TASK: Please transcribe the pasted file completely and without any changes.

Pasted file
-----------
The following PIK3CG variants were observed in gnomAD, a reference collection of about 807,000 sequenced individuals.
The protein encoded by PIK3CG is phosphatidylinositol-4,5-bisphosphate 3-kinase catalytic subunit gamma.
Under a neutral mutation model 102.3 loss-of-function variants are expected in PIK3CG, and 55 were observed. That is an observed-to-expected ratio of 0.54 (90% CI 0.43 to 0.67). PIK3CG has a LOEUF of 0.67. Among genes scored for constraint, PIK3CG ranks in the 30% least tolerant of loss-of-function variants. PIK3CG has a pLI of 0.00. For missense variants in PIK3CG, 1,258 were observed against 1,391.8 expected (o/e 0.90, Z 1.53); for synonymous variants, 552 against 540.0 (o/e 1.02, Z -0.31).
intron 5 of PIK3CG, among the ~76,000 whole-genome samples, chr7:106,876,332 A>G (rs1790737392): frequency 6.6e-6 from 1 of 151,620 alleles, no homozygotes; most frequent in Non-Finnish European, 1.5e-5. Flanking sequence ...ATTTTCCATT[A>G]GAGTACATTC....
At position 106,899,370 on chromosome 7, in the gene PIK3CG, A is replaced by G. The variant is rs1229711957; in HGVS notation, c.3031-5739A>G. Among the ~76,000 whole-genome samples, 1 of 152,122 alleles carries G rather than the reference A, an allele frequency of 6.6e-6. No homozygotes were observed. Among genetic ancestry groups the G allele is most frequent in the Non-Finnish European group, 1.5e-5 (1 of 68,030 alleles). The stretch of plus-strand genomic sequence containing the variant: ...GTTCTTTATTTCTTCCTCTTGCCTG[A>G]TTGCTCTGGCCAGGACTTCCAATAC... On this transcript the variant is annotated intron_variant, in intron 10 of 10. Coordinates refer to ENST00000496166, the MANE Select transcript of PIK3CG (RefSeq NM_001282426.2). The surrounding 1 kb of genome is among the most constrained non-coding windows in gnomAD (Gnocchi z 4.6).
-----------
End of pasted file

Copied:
The following PIK3CG variants were observed in gnomAD, a reference collection of about 807,000 sequenced individuals.
The protein encoded by PIK3CG is phosphatidylinositol-4,5-bisphosphate 3-kinase catalytic subunit gamma.
Under a neutral mutation model 102.3 loss-of-function variants are expected in PIK3CG, and 55 were observed. That is an observed-to-expected ratio of 0.54 (90% CI 0.43 to 0.67). PIK3CG has a LOEUF of 0.67. Among genes scored for constraint, PIK3CG ranks in the 30% least tolerant of loss-of-function variants. PIK3CG has a pLI of 0.00. For missense variants in PIK3CG, 1,258 were observed against 1,391.8 expected (o/e 0.90, Z 1.53); for synonymous variants, 552 against 540.0 (o/e 1.02, Z -0.31).
intron 5 of PIK3CG, among the ~76,000 whole-genome samples, chr7:106,876,332 A>G (rs1790737392): frequency 6.6e-6 from 1 of 151,620 alleles, no homozygotes; most frequent in Non-Finnish European, 1.5e-5. Flanking sequence ...ATTTTCCATT[A>G]GAGTACATTC....
At position 106,899,370 on chromosome 7, in the gene PIK3CG, A is replaced by G. The variant is rs1229711957; in HGVS notation, c.3031-5739A>G. Among the ~76,000 whole-genome samples, 1 of 152,122 alleles carries G rather than the reference A, an allele frequency of 6.6e-6. No homozygotes were observed. Among genetic ancestry groups the G allele is most frequent in the Non-Finnish European group, 1.5e-5 (1 of 68,030 alleles). The stretch of plus-strand genomic sequence containing the variant: ...GTTCTTTATTTCTTCCTCTTGCCTG[A>G]TTGCTCTGGCCAGGACTTCCAATAC... On this transcript the variant is annotated intron_variant, in intron 10 of 10. Coordinates refer to ENST00000496166, the MANE Select transcript of PIK3CG (RefSeq NM_001282426.2). The surrounding 1 kb of genome is among the most constrained non-coding windows in gnomAD (Gnocchi z 4.6).